There are actually quite a lot of ethical vegetarians who avoid gelatin and leather and fur, and eat primarily plant-based, vegans don't necessarily have special information on this topic, sometimes the difference between a vegan and vegetarian is literally what they eat, depending on their reasons.

For example, I used to know someone who called himself vegan who hated animals. There are also people who go "vegan" for purely health reasons who still freely buy leather shoes.
 

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.

Fun fact: The vegan society was originally health focused as well, until Gandhi gave a speech to them about the ethics of not consuming animals and their "products".
This doesn't appear to be true. In 1944, the first newsletter of the Vegan Society (at that time, known as the "Non-Dairy Vegetarian" society) specifically states that its first focus was animal cruelty: https://ivu.org/history/europe20b/vegan_news_1.pdf

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I was a veggie for 33 years and now a vegan for 9 months. Eggs was life for me especially as I am a bodybuilder. I miss eating eggs but replicate scrambled eggs on toast with tofu. So just using tofu, scramble it with onions, peppers, salt and black pepper. Sometimes I add some chilli flakes :eek:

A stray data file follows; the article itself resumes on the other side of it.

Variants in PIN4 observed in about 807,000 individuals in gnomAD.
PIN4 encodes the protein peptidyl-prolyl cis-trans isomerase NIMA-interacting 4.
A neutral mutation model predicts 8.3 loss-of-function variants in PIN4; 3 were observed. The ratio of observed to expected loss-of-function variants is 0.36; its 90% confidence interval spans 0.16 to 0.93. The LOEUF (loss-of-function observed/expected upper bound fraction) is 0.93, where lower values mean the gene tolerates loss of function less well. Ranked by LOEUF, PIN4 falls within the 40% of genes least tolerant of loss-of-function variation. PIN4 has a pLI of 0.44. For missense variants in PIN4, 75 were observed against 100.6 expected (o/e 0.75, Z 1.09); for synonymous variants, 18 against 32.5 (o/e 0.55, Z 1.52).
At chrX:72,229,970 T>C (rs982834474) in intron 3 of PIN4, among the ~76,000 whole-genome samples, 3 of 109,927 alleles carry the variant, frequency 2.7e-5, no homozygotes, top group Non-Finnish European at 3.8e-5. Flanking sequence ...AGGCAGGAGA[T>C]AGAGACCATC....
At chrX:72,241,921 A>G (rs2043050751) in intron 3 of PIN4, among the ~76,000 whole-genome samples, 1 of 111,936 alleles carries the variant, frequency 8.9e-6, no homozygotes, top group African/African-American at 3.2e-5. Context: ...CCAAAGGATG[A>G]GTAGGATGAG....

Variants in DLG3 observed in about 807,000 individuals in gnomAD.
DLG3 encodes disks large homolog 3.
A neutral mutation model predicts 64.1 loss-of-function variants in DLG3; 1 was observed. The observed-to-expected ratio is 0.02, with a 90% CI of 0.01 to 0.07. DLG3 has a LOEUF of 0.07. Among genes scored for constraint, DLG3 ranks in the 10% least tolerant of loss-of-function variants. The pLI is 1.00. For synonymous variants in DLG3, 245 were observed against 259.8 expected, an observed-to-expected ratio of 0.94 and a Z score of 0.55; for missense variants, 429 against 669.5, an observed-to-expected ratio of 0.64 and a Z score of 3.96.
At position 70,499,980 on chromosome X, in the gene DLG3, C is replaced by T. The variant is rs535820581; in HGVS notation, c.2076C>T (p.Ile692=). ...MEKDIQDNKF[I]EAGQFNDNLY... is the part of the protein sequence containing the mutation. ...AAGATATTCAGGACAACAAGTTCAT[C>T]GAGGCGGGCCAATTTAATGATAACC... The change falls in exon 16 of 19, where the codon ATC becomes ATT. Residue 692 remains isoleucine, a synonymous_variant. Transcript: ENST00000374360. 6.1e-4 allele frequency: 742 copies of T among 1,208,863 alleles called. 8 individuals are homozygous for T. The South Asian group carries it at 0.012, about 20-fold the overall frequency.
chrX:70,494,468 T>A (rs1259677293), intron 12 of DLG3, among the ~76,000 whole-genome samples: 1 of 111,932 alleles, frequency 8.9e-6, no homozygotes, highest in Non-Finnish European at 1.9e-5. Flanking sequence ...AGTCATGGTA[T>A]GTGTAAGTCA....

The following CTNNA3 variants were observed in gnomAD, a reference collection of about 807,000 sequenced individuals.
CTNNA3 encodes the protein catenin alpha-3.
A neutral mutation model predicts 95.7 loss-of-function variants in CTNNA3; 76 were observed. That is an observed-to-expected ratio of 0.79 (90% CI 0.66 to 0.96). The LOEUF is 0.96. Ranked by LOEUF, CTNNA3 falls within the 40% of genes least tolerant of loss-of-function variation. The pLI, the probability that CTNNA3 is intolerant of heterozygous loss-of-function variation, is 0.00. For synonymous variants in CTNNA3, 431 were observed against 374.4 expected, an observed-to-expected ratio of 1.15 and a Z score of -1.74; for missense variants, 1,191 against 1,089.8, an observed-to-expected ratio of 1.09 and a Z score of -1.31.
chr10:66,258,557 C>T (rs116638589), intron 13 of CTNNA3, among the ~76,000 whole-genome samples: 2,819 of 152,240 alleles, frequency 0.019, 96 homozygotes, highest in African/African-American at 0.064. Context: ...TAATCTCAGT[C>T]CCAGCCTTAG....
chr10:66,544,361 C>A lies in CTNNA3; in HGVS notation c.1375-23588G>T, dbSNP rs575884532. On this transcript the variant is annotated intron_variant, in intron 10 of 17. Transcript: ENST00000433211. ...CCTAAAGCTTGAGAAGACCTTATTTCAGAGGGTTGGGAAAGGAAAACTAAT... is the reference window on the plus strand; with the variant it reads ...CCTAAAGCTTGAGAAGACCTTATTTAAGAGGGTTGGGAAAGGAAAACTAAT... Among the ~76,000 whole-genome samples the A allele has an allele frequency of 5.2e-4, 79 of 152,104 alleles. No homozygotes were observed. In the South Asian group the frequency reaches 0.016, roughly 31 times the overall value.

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Yes, some vegetarians do eat eggs and it's okay for them. According to the vegetarian definition, eggs are vegetarian because it does not contain any animal flesh. Lacto-ovo vegetarians eat eggs and dairy products but not any animal flesh. I even heard of vegetarian people eating fish :/
 

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Yes, some vegetarians do eat eggs and it's okay for them. According to the vegetarian definition, eggs are vegetarian because it does not contain any animal flesh. Lacto-ovo vegetarians eat eggs and dairy products but not any animal flesh. I even heard of vegetarian people eating fish :/
(bold emphasis mine) Yep. I was pescetarian back in the late 1960s to early 1970s, and that's the proper term for someone who consumes fish (and invertebrates) but no other animals. I don't think the term "pescetarian" existed back then, so people often referred to me as a "vegetarian". I think I used the term too, at least sometimes; I didn't consider cold-blooded animals "vegetables" exactly, but didn't know how else to refer to my diet.